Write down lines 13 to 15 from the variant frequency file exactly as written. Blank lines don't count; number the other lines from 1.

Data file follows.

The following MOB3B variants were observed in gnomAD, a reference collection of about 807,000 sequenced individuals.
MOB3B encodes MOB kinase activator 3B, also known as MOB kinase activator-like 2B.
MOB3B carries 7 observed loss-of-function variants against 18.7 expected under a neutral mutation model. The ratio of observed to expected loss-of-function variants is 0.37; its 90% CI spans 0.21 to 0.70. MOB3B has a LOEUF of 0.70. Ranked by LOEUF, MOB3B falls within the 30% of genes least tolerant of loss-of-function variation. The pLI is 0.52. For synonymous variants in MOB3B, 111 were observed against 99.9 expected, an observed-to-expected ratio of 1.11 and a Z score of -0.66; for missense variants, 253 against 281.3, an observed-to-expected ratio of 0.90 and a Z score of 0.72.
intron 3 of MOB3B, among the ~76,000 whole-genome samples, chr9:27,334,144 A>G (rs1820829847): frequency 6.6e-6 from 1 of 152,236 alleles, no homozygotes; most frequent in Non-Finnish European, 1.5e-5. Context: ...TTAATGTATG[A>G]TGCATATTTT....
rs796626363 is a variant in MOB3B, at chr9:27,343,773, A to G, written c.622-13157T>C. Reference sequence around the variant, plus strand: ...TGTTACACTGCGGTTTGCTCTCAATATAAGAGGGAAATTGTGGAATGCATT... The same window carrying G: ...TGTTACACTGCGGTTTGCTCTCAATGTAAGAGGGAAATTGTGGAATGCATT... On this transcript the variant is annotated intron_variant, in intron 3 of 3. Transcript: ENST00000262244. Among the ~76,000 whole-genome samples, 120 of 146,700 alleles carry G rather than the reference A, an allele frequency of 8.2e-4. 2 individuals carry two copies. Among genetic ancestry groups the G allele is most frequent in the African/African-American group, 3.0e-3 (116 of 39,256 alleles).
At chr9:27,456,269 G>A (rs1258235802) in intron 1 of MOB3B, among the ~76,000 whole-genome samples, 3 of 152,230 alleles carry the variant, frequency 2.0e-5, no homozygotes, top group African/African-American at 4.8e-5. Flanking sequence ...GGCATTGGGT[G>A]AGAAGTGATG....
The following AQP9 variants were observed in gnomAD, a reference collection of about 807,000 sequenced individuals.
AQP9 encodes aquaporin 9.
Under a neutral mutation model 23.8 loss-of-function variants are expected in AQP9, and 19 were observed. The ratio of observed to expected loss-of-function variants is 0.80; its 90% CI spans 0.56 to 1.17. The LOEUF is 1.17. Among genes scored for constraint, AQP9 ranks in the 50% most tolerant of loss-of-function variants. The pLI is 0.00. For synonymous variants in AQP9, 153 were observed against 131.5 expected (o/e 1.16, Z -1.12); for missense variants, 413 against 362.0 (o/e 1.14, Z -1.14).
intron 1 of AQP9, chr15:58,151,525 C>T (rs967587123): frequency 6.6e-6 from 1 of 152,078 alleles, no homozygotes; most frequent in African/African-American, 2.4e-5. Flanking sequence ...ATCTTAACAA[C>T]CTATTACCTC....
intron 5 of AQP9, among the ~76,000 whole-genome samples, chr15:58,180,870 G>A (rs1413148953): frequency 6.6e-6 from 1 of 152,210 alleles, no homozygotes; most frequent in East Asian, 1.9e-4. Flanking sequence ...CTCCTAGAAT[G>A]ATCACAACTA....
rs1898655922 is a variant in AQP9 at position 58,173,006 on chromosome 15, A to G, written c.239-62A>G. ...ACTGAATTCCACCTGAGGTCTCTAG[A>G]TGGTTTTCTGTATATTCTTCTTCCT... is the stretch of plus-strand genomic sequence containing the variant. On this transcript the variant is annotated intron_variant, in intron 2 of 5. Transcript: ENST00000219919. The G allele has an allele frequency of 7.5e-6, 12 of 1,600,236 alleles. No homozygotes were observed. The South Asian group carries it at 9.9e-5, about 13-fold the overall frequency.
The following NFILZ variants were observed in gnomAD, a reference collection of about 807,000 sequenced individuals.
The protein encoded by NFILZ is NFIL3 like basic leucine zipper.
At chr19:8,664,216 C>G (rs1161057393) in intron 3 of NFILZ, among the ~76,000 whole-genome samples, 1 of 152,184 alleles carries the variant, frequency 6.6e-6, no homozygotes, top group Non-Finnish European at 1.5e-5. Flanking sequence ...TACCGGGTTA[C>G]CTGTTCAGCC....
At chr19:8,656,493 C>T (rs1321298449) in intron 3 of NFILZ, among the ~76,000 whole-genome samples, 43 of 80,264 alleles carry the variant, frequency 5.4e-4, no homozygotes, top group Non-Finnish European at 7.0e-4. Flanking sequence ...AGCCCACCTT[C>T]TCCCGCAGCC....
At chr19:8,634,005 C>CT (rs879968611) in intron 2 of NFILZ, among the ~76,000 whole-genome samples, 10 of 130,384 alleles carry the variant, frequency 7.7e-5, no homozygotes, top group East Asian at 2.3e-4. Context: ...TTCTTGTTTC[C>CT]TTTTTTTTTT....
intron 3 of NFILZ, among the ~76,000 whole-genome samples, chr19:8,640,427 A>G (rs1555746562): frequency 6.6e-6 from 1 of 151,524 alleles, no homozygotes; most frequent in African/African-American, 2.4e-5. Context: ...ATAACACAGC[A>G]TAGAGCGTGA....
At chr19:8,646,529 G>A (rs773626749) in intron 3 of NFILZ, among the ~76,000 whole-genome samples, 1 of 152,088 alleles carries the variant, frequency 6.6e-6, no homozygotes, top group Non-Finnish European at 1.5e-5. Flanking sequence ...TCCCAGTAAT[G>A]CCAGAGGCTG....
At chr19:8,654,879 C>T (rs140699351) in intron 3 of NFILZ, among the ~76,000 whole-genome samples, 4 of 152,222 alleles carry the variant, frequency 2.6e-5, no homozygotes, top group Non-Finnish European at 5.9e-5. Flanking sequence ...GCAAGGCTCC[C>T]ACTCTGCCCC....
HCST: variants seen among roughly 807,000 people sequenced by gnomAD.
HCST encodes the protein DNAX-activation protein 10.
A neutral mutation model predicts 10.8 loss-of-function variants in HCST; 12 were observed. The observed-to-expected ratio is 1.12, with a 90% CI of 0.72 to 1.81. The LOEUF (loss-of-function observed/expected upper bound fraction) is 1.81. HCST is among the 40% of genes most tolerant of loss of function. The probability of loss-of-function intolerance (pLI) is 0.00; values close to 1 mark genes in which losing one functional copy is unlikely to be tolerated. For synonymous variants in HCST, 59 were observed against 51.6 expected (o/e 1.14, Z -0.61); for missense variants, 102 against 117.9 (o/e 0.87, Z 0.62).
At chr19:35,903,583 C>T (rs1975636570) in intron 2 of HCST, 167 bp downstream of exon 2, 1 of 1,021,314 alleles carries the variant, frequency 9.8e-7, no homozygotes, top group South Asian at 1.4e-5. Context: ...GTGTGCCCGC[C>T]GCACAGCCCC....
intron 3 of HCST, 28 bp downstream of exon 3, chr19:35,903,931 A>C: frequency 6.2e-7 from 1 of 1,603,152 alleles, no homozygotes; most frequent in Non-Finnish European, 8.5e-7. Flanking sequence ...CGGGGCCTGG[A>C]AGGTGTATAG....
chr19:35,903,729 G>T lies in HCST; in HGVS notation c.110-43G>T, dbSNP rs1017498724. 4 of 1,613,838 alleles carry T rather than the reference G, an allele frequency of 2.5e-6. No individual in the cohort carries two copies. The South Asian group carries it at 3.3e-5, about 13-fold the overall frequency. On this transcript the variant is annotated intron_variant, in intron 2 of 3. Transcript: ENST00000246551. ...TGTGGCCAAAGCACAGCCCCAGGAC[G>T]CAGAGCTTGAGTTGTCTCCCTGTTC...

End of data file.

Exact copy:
The following NFILZ variants were observed in gnomAD, a reference collection of about 807,000 sequenced individuals.
The protein encoded by NFILZ is NFIL3 like basic leucine zipper.
At chr19:8,664,216 C>G (rs1161057393) in intron 3 of NFILZ, among the ~76,000 whole-genome samples, 1 of 152,184 alleles carries the variant, frequency 6.6e-6, no homozygotes, top group Non-Finnish European at 1.5e-5. Flanking sequence ...TACCGGGTTA[C>G]CTGTTCAGCC....